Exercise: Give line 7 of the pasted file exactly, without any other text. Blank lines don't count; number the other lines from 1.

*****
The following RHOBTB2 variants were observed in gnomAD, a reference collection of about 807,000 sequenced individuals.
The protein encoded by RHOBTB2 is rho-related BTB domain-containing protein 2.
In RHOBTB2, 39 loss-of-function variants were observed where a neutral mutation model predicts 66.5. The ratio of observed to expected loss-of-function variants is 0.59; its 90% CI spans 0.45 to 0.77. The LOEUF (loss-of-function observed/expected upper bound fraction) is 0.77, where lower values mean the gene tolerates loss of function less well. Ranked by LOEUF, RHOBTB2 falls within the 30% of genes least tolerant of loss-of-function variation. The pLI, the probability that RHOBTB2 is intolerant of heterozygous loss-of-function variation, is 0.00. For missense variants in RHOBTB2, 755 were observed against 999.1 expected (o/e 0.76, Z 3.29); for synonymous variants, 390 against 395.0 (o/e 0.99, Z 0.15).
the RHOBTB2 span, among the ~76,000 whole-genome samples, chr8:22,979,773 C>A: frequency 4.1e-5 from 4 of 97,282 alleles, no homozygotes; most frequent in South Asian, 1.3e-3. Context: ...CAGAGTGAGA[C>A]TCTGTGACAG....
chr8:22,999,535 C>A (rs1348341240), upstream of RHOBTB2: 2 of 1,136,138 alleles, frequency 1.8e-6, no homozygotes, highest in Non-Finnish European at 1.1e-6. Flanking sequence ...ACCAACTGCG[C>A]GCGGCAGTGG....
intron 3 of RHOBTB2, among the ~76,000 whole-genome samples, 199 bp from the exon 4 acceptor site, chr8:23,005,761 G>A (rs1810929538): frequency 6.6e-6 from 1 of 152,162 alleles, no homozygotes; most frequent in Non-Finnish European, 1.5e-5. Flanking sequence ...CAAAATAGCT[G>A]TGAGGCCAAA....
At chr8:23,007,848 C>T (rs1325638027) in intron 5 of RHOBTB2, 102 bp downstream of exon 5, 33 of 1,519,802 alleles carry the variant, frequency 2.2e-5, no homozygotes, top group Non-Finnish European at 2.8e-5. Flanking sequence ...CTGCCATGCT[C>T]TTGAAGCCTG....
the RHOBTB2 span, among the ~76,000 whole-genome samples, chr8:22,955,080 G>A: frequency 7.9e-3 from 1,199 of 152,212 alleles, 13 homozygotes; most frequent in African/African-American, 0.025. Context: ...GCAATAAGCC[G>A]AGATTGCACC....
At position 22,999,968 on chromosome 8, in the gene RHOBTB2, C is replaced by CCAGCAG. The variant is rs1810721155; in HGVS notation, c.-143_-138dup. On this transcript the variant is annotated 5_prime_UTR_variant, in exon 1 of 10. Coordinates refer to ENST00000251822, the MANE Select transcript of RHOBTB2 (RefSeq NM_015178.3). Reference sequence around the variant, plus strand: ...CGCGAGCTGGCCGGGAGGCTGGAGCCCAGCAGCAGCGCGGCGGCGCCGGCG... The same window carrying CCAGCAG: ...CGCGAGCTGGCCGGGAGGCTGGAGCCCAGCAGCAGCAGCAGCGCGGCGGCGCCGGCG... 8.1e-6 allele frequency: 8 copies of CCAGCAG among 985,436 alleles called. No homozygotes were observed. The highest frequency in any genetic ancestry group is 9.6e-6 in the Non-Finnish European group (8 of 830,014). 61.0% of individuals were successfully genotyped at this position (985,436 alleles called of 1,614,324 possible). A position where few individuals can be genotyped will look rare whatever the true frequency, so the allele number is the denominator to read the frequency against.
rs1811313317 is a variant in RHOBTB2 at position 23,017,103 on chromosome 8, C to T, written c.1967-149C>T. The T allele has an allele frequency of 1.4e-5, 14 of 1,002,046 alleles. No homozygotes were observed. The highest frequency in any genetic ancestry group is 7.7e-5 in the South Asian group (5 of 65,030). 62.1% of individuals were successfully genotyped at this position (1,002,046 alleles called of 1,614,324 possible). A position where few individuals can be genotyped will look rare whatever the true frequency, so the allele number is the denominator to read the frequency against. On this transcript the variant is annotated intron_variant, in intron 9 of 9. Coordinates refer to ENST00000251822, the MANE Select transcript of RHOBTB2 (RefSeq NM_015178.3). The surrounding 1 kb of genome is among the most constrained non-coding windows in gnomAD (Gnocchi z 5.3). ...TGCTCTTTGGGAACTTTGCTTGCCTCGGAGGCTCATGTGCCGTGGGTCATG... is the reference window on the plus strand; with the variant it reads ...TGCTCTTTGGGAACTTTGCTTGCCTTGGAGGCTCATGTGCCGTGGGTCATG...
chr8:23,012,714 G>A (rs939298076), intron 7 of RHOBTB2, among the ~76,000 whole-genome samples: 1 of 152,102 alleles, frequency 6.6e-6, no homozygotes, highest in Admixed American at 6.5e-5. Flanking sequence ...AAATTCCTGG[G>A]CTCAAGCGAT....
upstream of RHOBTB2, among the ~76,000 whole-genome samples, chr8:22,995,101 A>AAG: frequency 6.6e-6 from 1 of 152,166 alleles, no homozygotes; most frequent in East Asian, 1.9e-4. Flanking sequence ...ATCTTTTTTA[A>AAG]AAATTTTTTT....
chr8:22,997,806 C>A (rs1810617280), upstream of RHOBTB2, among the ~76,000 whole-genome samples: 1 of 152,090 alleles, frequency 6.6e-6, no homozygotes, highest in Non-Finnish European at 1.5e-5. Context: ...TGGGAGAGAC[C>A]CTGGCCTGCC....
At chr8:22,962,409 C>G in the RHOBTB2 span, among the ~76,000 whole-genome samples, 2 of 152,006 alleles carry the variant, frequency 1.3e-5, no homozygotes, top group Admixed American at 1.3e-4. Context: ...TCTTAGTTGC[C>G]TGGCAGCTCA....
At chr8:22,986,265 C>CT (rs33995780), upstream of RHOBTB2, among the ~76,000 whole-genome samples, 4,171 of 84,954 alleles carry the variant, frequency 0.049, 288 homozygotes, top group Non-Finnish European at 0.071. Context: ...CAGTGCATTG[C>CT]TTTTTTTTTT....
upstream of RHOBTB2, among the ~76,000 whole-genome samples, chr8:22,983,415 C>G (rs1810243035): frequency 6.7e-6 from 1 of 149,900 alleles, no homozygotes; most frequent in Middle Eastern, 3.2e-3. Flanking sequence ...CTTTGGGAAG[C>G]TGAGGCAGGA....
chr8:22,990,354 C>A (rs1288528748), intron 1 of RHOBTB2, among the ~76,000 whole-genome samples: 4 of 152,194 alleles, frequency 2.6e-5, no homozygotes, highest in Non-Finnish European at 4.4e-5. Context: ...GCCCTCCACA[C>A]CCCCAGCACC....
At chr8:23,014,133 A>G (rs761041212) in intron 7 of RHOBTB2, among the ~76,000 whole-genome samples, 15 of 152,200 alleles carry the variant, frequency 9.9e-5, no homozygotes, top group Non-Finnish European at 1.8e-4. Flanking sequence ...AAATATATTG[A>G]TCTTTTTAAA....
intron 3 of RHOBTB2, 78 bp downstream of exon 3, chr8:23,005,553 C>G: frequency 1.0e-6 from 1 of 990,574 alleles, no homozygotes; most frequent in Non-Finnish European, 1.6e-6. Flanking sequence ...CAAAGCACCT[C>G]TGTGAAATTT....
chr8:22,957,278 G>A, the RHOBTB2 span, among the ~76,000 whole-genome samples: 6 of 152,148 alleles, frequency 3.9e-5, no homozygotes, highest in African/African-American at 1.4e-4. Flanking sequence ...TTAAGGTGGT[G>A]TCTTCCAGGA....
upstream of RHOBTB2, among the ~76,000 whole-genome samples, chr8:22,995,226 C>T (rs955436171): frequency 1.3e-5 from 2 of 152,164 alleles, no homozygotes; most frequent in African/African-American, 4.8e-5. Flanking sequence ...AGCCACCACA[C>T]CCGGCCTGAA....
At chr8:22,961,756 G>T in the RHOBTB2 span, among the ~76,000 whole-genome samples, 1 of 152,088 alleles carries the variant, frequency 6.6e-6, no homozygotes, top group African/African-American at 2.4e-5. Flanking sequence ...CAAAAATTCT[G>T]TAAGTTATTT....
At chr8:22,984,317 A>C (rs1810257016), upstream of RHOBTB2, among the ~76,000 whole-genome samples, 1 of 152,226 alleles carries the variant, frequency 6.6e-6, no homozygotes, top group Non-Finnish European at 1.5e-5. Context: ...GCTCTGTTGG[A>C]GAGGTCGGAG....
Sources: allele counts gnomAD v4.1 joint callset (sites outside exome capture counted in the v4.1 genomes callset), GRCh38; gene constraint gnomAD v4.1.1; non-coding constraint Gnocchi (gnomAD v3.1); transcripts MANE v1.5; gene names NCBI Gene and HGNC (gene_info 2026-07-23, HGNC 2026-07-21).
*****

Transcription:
At chr8:23,007,848 C>T (rs1325638027) in intron 5 of RHOBTB2, 102 bp downstream of exon 5, 33 of 1,519,802 alleles carry the variant, frequency 2.2e-5, no homozygotes, top group Non-Finnish European at 2.8e-5. Flanking sequence ...CTGCCATGCT[C>T]TTGAAGCCTG....